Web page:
To survive and replicate inside our cells, a virus has to be able to adapt them to its own advantage. This means altering the cells’ metabolism, physiology, and gene expression. Often, these adaptations are part of a strategy to bypass and thwart our innate immune system — a virus can’t get very far if our immune system manages to recognize it early on. So, suppressing our immune response is one of a virus’ top priorities. SARS-CoV-2 is particularly crafty in this regard, possessing many different tactics that help keep it under the radar. But there’s a flipside to this craftiness, it is highly complex. A great deal of different processes and pieces need to come together for it to work. Block one, and the whole thing can come crashing down. This makes it an excellent avenue for therapeutic interventions. A group of researchers based at the Indian Institute of Science (IISc) have uncovered a new target: SARS-CoV-2 nonstructural protein 1 (NSP1). Published in eLife, their work shows that binding to and blocking NSP1 leads to a decrease in viral replication in human immune cells.
There are two major categories of viral proteins: structural and nonstructural. Structural proteins are the components of the virus particle itself. They provide the essential elements the virus needs to transmit from one person to another. Nonstructural proteins, on the other hand, are not a component of the virion particle itself. Instead, they are produced by the virus once inside host cells. Here, the nonstructural proteins help with viral replication by regulating transcription and impairing host defenses.
NSP1 is an especially versatile nonstructural protein, with a variety of different functions related to both immunosuppression and viral replication. It is one of the first viral proteins released once inside the cell. The primary function of NSP1 is to inhibit the translation of host messenger RNA (mRNA). To replicate, viruses need to suppress the genes of the host cell and instead favor synthesis of their own. NSP1 contributes to this by binding to ribosomes, which act as the “cellular machinery” via which proteins are made. More specifically, NSP1 is made up of two sections, an N terminal and a C terminal. It is the C terminal that binds deep into the mRNA entry tunnel of the small ribosomal subunit (40S). Once bound, NSP1 prevents host messenger mRNA from being translated, but in an act of delicate trickery, still allows for viral mRNA to be translated (Figures 1 & 2).
Downstream, the sabotaging of host mRNA translation means a variety of important antiviral proteins don’t get produced. This weakens the immune response our bodies can muster, and in a dangerous feedback loop, makes it even easier for the virus to replicate and spread unchallenged.
Aside from its pivotal role in viral replication and host immunosuppression, Asafar et al. focused on NSP1 because it is one of the SARS-CoV-2 proteins with the lowest mutational frequency. That is, it changes very little over time and across variants. Any drug that wishes to remain effective against SARS-CoV-2 has to contend with the rise of new variants — zeroing in on a highly conserved, functionally important protein like NSP1 improves the odds.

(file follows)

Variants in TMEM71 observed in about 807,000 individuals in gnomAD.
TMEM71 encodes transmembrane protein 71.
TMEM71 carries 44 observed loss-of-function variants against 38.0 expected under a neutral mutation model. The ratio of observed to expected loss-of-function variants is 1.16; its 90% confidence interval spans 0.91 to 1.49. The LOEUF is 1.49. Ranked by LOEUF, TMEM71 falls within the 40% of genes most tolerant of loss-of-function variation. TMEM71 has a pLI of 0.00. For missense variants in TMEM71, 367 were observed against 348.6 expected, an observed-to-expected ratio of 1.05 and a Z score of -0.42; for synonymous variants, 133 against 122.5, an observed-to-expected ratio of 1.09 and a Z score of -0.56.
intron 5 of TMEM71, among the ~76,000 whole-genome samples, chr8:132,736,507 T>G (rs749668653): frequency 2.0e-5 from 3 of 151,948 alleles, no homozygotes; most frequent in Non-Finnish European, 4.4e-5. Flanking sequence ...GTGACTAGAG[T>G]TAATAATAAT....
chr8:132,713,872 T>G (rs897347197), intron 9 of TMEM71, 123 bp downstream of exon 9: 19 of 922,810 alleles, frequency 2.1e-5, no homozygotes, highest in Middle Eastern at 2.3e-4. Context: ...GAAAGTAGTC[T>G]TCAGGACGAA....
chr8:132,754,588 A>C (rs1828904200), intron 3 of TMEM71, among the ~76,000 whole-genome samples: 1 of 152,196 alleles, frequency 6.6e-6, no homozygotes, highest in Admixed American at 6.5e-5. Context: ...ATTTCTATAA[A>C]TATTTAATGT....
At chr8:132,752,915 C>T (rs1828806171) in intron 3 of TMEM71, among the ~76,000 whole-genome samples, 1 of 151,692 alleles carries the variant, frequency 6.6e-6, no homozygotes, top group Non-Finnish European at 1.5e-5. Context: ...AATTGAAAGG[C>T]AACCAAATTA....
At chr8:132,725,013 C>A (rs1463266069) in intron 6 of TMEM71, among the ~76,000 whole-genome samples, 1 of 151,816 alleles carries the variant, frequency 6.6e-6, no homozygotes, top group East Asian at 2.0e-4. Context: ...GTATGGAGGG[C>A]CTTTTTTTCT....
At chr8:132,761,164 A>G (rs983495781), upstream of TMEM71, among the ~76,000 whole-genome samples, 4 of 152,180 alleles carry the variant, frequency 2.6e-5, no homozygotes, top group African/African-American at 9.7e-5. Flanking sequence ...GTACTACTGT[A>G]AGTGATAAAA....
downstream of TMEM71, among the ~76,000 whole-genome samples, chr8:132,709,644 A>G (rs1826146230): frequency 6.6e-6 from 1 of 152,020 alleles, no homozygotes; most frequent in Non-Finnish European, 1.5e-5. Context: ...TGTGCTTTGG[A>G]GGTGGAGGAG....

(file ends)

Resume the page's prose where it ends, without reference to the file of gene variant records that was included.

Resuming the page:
Once they’d chosen their intended target, the team of scientists combed through a database of around 1,600 FDA-approved drugs. Turning to computational modeling, they isolated drugs with the potential to bind the NSP1 C-terminal. Of a final list of a dozen or so candidates, Asfar et al. narrowed it down to one, montelukast.
Montelukast is usually used to treat asthma and hayfever. How might it work to curb SARS-CoV-2 infection? In a nutshell, by binding to the C terminal of NSP1 before NSP1 has a chance to bind to our ribosomes. This clogs up NSP1’s binding site and prevents it from inhibiting our cell’s mRNA translation.
At least, that’s how it should work in theory. To find out whether it worked in practice, the researchers engineered human kidney cells that express NSP1. They observed a noticeable drop in mRNA translation and protein synthesis. Next, Asafar et al. exposed these cells to montelukast. The drug restored protein synthesis to normal levels, successfully counteracting the effects of NSP1.
Asafar and his colleagues also exposed human cells to live SARS-CoV-2 virus and then treated those cells with montelukast. They witnessed a significant drop in the expression of SARS-CoV-2 spike protein, suggesting reduced viral replication. The results indicate that montelukast managed to prevent NSP1-mediated inhibition of host mRNA translation, allowing for normal production of antiviral proteins and a reduced capacity for viral replication (Figure 3).
Despite the positive results, the strength with which montelukast binds to NSP1 —known as “binding affinity”— is still relatively low. Asafar et al. admit that montelukast on its own likely won’t be up to the task. But its mechanism of action, the way in which it prevents SARS-CoV-2 NSP1 from inhibiting host mRNA translation, is a viable one, and a good starting point for future drug design. Importantly, it hints at an overall strategy for successful therapeutic intervention: isolating the specific processes by which SARS-CoV-2 manages to suppress and evade our immune response and discovering drugs that inhibit each one. The book, Natural Immunity and Covid-19: What it is and How it Can Save Your Life, provides a detailed overview of these processes. Figure 4 highlights the virus’ multiple points of sensitivity. I foresee a day when there will be twenty or more different classes of drugs (with multiple drugs in each class) each targeting a different viral protein. When used in combination, these drugs will be safe and effective in preventing and treating Covid-19, no matter what variant may arise.